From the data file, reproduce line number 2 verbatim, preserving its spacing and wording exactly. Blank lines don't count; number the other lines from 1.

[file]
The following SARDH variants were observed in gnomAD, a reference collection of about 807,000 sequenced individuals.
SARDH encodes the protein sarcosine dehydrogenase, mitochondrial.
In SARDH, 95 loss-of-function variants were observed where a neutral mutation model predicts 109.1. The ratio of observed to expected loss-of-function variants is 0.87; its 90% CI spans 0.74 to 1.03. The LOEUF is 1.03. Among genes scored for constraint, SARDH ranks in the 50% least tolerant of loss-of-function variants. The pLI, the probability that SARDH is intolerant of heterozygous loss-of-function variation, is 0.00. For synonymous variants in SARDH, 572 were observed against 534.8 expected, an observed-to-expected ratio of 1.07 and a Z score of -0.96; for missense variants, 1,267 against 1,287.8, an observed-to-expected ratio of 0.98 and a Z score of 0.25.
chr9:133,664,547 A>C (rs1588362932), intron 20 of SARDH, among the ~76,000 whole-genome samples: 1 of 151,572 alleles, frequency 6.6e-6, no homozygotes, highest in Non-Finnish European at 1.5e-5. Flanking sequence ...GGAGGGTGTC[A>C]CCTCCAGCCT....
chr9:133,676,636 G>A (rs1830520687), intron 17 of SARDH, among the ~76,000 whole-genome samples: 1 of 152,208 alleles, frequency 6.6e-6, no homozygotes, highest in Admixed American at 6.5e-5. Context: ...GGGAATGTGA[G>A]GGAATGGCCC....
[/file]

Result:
SARDH encodes the protein sarcosine dehydrogenase, mitochondrial.